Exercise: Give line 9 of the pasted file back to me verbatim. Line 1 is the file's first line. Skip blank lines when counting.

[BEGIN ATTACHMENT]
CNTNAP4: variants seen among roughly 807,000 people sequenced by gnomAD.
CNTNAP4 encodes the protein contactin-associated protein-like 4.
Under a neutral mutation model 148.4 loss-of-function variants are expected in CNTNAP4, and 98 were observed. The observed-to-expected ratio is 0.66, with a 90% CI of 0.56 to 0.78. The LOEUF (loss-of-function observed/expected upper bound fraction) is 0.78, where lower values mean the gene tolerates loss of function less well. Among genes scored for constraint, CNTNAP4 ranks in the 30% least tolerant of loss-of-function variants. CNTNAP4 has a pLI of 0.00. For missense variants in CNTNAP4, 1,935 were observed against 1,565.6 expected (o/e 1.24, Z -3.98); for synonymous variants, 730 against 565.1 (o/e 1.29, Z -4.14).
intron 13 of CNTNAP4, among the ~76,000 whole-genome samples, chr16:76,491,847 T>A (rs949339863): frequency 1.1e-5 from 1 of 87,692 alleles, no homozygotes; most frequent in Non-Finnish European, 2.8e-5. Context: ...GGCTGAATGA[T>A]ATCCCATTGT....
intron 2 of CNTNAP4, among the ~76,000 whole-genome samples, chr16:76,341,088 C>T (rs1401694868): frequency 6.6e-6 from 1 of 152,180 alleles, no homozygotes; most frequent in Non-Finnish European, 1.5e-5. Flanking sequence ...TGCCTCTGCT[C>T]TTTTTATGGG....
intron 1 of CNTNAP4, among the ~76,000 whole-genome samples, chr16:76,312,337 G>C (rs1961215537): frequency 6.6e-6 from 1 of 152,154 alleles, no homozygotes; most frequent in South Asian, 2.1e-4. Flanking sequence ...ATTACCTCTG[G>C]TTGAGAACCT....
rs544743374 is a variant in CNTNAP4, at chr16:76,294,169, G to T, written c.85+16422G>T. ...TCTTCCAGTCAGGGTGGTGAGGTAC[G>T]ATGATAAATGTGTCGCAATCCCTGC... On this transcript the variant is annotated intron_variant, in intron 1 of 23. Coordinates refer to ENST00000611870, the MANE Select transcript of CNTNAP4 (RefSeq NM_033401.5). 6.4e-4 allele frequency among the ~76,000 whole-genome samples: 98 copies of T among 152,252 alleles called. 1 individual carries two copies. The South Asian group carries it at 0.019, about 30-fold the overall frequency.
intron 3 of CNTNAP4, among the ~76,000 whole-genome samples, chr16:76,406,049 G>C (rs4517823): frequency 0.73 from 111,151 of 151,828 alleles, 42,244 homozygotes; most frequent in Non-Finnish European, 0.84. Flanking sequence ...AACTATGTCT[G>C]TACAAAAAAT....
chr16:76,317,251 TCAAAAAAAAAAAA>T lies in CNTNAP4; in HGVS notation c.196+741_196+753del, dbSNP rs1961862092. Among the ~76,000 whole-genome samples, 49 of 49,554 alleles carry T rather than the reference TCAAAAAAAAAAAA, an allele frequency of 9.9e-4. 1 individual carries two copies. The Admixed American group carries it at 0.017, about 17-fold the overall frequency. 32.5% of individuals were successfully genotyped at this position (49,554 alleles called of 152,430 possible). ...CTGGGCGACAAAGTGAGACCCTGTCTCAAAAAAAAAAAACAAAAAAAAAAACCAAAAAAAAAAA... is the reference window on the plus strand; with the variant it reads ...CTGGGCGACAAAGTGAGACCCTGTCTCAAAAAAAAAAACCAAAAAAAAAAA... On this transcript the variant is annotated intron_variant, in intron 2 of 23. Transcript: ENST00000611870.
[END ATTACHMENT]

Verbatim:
chr16:76,317,251 TCAAAAAAAAAAAA>T lies in CNTNAP4; in HGVS notation c.196+741_196+753del, dbSNP rs1961862092. Among the ~76,000 whole-genome samples, 49 of 49,554 alleles carry T rather than the reference TCAAAAAAAAAAAA, an allele frequency of 9.9e-4. 1 individual carries two copies. The Admixed American group carries it at 0.017, about 17-fold the overall frequency. 32.5% of individuals were successfully genotyped at this position (49,554 alleles called of 152,430 possible). ...CTGGGCGACAAAGTGAGACCCTGTCTCAAAAAAAAAAAACAAAAAAAAAAACCAAAAAAAAAAA... is the reference window on the plus strand; with the variant it reads ...CTGGGCGACAAAGTGAGACCCTGTCTCAAAAAAAAAAACCAAAAAAAAAAA... On this transcript the variant is annotated intron_variant, in intron 2 of 23. Transcript: ENST00000611870.